Research:Wikimedia Summer of Research 2011/Questions
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These are the research questions about participation in Wikipedia, to be addressed in the 2011 Summer of Research in the Community Department.
- 1 Questions
- 1.1 RQ1. How does the community's reaction to newcomer work affect retention?
- 1.2 RQ2. How does communication/socialization affect newcomer retention?
- 1.3 RQ3. How does the type of work that newcomers do affect their retention?
- 1.4 RQ4. How do culture and geography affect newbie retention?
- 1.5 RQ5. How do editors work anonymously?
- 1.6 RQ6. How does the user interface affect editor work?
- 1.7 RQ7. How does endogenous policy affect editor work?
- 1.8 RQ8. How does exogenous policy affect editor work?
- 1.9 RQ9. How are editing patterns changing?
- 1.10 RQ10. What is the minimal healthy community size?
Though we began with a very large set of specific questions about participation in Wikipedia and editor retention, we've tried to simplify the structure by creating this set of overarching questions, each of which may contain more detailed lines of inquiry. Please feel free to explore the pages and let us know if anything is confusing or missing from your perspective.
We'll also likely be tackling measurements of key activities listed in the contribution taxonomy project. Unless otherwise specified, research will focus on the English language version of Wikipedia. Also key to remember is that just to get the big picture, we're including questions that researchers inside or outside the movement may have answered partially before.
The way in which the community reacts to newcomers' work shapes their perception of Wikipedia is likely to affect their motivation strongly. This question explores the effect of negative reactions like reverts and page deletions as well as positive reactions and no reaction.
Newcomers to organizations like Wikipedia must adopt a set of norms in order to contribute successfully. This question explores how socialization tactics like personal communication (eg. welcome templates, warnings) and mentoring (eg. Adopt-a-user) have been adopted by the community and the effectiveness of these tactics on the retention of newcomers.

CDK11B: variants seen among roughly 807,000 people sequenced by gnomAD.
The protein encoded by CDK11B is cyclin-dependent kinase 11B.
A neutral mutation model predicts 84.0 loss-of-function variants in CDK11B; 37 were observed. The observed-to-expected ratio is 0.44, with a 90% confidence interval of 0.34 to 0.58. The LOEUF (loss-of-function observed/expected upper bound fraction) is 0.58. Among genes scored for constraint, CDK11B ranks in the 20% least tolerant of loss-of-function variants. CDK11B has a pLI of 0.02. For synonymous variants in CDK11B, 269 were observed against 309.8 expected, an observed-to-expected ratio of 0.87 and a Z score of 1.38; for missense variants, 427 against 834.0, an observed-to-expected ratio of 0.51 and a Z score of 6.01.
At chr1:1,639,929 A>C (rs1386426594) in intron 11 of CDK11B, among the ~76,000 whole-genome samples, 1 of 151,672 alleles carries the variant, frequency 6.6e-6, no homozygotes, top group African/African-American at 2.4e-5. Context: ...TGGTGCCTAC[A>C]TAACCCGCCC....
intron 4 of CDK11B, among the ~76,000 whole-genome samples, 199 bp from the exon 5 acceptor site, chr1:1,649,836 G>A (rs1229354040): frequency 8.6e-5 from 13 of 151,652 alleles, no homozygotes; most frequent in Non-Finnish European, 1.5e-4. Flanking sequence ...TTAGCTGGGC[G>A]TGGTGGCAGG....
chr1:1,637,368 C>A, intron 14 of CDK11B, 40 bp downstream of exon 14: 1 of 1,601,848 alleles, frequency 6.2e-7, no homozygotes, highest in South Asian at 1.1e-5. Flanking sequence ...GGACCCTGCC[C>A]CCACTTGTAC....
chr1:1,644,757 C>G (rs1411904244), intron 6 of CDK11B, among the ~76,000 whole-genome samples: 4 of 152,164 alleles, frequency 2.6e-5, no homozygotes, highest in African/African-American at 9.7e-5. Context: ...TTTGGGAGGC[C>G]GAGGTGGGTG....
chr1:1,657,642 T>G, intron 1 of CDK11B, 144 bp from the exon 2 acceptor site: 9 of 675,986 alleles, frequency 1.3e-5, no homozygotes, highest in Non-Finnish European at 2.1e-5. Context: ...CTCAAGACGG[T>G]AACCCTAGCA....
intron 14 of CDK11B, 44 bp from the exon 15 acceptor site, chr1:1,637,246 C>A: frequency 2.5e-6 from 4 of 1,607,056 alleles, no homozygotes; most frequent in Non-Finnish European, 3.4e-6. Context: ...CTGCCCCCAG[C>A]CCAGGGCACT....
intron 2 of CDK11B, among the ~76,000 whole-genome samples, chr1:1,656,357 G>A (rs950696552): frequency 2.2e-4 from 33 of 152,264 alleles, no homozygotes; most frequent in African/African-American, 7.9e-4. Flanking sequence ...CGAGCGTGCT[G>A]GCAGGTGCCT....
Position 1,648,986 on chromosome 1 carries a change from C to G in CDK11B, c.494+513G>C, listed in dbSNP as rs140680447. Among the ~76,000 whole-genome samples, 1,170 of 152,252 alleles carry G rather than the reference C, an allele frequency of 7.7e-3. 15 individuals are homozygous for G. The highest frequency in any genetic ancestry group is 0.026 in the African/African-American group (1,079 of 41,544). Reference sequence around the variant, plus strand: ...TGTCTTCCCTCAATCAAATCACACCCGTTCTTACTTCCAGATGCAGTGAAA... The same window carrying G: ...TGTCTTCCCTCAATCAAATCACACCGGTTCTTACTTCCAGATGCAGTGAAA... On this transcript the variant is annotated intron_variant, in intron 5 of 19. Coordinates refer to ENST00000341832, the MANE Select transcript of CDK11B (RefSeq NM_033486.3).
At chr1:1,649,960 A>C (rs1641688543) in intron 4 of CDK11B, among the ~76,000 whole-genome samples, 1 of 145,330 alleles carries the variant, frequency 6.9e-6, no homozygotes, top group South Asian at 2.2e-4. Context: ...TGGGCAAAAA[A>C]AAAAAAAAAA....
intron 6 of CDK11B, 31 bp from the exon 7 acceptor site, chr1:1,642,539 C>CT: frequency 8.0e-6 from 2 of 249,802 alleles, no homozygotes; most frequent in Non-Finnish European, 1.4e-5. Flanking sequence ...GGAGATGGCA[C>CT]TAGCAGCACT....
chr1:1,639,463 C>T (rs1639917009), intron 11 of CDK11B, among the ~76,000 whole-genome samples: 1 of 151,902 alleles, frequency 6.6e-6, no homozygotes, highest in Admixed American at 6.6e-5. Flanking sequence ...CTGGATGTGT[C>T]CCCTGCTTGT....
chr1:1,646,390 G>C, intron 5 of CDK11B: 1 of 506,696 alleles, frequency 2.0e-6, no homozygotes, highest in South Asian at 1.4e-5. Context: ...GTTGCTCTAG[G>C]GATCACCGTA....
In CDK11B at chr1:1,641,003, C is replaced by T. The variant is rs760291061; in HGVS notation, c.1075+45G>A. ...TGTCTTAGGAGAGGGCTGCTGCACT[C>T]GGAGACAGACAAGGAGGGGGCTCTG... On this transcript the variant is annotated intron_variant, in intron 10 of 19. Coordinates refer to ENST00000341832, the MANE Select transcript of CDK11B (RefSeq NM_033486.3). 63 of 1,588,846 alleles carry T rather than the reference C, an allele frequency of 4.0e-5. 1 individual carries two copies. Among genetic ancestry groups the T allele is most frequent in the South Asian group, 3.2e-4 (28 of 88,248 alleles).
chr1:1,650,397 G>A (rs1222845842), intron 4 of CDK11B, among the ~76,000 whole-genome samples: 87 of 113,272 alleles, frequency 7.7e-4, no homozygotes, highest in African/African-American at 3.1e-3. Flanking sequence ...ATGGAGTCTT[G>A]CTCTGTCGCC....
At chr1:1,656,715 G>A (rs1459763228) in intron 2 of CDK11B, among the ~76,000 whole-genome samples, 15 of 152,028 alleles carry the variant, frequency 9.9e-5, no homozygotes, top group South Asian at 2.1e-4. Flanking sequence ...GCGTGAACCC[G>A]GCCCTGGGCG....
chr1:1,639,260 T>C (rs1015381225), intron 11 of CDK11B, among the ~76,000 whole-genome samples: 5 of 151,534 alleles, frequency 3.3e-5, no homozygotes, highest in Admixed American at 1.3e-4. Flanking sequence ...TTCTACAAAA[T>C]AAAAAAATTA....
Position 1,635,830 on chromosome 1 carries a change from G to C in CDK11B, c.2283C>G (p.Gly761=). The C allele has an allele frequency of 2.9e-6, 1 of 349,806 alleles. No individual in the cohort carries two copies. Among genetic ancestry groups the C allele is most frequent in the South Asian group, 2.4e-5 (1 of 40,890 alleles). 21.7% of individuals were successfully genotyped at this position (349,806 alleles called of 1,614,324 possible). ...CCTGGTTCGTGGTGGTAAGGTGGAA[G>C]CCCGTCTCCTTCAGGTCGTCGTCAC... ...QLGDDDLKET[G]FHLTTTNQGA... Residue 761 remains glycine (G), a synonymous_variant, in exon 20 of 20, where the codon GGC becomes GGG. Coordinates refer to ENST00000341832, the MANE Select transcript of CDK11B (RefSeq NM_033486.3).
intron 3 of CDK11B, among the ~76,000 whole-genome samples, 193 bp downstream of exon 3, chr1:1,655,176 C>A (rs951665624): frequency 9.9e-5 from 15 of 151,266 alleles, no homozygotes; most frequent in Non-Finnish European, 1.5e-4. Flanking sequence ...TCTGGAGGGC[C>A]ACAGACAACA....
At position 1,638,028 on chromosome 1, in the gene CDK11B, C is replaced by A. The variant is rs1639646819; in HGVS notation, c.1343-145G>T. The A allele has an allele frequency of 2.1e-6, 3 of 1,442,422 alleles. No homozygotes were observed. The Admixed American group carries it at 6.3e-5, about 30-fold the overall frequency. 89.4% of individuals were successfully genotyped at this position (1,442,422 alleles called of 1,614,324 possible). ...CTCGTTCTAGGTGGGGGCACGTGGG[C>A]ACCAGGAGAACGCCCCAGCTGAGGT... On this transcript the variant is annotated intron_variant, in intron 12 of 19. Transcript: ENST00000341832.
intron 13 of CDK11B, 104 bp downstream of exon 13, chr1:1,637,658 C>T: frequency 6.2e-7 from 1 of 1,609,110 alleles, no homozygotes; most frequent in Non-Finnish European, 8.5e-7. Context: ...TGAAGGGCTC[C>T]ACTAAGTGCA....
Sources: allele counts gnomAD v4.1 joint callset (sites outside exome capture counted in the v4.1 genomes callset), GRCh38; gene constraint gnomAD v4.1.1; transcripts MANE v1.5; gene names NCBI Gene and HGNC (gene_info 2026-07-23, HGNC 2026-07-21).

Editors' initial contributions and the success or failure they experience have could strongly shape both their perception of the quality of the community and their perceived likelihood of becoming successful contributors. This question examines the type of work that newcomers do in Wikipedia and how the type of work affects their retention.
The degree to which demographic differences change the ability of editors to successfully engage with Wikipedia.
A substantial proportion of the edits to Wikipedia are from editors who choose not to create an account and instead have their edits logged to their current IP address. What do we know about this part of the community, are they changing? Are they experiencing a decline that is similar to the tail off of new editors with registered accounts?
Over the years we've made many changes to the way we edit articles, has this made things more difficult for newbies?
Much has changed in Wikipedia over the years. Are there changes in Wikipedia policies that intentionally or not have deterred editors?
As Wikipedia has grown the world has changed and some of those changes are a reaction to Wikipedia. Have changes in other organisations policies impacted us?
Developing an understanding how patterns of participation change over time and by cohort.
Develop an understanding between the total workload that is required to maintain the quality of Wikipedia and the minimum numbers of volunteers to do this work.